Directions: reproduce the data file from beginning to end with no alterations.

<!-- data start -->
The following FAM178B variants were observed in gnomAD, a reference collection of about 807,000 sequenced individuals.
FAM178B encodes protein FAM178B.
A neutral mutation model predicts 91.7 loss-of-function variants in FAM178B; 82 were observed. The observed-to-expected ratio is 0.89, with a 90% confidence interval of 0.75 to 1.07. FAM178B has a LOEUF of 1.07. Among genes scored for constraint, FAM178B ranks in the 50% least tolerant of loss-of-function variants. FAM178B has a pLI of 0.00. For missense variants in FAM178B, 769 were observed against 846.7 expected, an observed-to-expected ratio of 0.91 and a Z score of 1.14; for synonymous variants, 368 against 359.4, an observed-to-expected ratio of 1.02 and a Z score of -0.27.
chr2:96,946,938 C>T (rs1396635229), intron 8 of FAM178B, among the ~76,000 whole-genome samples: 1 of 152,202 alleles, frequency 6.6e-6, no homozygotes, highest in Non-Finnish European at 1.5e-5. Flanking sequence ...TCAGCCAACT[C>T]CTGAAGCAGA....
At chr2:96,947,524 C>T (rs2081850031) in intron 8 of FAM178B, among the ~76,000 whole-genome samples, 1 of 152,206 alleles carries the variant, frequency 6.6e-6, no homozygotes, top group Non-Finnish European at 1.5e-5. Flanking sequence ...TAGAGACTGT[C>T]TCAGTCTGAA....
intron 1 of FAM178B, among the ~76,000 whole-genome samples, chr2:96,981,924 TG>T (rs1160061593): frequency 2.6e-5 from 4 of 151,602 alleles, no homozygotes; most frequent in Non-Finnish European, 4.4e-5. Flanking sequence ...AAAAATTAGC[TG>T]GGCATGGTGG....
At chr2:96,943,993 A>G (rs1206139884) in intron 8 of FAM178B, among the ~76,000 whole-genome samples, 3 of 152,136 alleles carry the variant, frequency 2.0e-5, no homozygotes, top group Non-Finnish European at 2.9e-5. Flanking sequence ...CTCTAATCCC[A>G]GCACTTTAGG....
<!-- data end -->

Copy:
The following FAM178B variants were observed in gnomAD, a reference collection of about 807,000 sequenced individuals.
FAM178B encodes protein FAM178B.
A neutral mutation model predicts 91.7 loss-of-function variants in FAM178B; 82 were observed. The observed-to-expected ratio is 0.89, with a 90% confidence interval of 0.75 to 1.07. FAM178B has a LOEUF of 1.07. Among genes scored for constraint, FAM178B ranks in the 50% least tolerant of loss-of-function variants. FAM178B has a pLI of 0.00. For missense variants in FAM178B, 769 were observed against 846.7 expected, an observed-to-expected ratio of 0.91 and a Z score of 1.14; for synonymous variants, 368 against 359.4, an observed-to-expected ratio of 1.02 and a Z score of -0.27.
chr2:96,946,938 C>T (rs1396635229), intron 8 of FAM178B, among the ~76,000 whole-genome samples: 1 of 152,202 alleles, frequency 6.6e-6, no homozygotes, highest in Non-Finnish European at 1.5e-5. Flanking sequence ...TCAGCCAACT[C>T]CTGAAGCAGA....
At chr2:96,947,524 C>T (rs2081850031) in intron 8 of FAM178B, among the ~76,000 whole-genome samples, 1 of 152,206 alleles carries the variant, frequency 6.6e-6, no homozygotes, top group Non-Finnish European at 1.5e-5. Flanking sequence ...TAGAGACTGT[C>T]TCAGTCTGAA....
intron 1 of FAM178B, among the ~76,000 whole-genome samples, chr2:96,981,924 TG>T (rs1160061593): frequency 2.6e-5 from 4 of 151,602 alleles, no homozygotes; most frequent in Non-Finnish European, 4.4e-5. Flanking sequence ...AAAAATTAGC[TG>T]GGCATGGTGG....
At chr2:96,943,993 A>G (rs1206139884) in intron 8 of FAM178B, among the ~76,000 whole-genome samples, 3 of 152,136 alleles carry the variant, frequency 2.0e-5, no homozygotes, top group Non-Finnish European at 2.9e-5. Flanking sequence ...CTCTAATCCC[A>G]GCACTTTAGG....